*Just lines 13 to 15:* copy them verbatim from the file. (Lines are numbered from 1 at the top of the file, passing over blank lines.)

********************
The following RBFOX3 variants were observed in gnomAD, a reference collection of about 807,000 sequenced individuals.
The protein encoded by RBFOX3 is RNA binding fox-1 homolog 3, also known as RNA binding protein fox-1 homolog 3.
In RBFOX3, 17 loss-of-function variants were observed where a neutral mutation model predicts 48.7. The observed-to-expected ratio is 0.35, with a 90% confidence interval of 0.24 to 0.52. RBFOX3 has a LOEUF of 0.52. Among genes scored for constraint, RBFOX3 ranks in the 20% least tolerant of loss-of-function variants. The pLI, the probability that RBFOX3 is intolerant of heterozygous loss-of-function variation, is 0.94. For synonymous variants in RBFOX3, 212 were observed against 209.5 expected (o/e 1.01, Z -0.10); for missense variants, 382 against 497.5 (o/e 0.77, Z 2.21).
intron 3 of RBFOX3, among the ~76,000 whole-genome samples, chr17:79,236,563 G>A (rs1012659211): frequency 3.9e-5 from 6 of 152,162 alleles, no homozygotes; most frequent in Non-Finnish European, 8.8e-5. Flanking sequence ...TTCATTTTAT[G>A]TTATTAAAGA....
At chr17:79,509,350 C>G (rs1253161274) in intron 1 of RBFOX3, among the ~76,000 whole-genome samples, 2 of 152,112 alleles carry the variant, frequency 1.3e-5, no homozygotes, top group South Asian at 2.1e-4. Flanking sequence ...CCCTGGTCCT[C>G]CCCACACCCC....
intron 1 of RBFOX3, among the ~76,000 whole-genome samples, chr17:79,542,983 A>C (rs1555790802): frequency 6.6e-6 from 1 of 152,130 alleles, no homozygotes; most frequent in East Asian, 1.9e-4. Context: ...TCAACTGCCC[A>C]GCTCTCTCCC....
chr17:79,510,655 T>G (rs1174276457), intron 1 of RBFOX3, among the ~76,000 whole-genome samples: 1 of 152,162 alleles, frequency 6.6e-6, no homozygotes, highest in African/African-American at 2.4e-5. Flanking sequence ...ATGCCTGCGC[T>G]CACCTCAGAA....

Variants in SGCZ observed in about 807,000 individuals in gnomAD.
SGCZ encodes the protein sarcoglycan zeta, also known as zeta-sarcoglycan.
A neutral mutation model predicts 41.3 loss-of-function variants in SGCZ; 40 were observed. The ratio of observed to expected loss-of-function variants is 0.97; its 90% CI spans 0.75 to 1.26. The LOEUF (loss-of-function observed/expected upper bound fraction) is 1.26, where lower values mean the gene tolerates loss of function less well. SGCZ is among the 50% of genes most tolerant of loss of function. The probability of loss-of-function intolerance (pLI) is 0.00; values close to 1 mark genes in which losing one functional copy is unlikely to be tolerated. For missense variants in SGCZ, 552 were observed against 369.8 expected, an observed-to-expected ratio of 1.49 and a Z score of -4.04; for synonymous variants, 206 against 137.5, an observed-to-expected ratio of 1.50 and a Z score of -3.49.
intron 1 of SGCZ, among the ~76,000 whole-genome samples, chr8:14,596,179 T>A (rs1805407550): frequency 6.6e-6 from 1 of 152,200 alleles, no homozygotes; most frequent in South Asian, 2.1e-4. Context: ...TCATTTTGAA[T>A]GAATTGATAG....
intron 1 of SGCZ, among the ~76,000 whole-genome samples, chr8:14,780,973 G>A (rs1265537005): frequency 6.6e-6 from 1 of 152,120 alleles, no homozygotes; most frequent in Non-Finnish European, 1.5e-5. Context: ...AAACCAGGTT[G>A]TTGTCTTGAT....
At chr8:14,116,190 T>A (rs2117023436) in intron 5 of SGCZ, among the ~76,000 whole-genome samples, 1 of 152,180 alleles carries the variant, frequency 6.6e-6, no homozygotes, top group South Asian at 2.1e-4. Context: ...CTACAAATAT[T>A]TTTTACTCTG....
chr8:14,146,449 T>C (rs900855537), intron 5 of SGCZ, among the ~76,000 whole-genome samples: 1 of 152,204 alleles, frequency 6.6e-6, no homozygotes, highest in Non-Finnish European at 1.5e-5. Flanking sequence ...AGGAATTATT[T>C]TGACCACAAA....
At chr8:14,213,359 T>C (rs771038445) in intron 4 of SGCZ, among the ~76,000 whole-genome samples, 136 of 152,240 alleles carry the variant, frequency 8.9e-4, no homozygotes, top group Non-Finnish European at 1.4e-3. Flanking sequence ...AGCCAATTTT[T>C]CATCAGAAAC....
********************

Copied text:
At chr8:14,116,190 T>A (rs2117023436) in intron 5 of SGCZ, among the ~76,000 whole-genome samples, 1 of 152,180 alleles carries the variant, frequency 6.6e-6, no homozygotes, top group South Asian at 2.1e-4. Context: ...CTACAAATAT[T>A]TTTTACTCTG....
chr8:14,146,449 T>C (rs900855537), intron 5 of SGCZ, among the ~76,000 whole-genome samples: 1 of 152,204 alleles, frequency 6.6e-6, no homozygotes, highest in Non-Finnish European at 1.5e-5. Flanking sequence ...AGGAATTATT[T>C]TGACCACAAA....
At chr8:14,213,359 T>C (rs771038445) in intron 4 of SGCZ, among the ~76,000 whole-genome samples, 136 of 152,240 alleles carry the variant, frequency 8.9e-4, no homozygotes, top group Non-Finnish European at 1.4e-3. Flanking sequence ...AGCCAATTTT[T>C]CATCAGAAAC....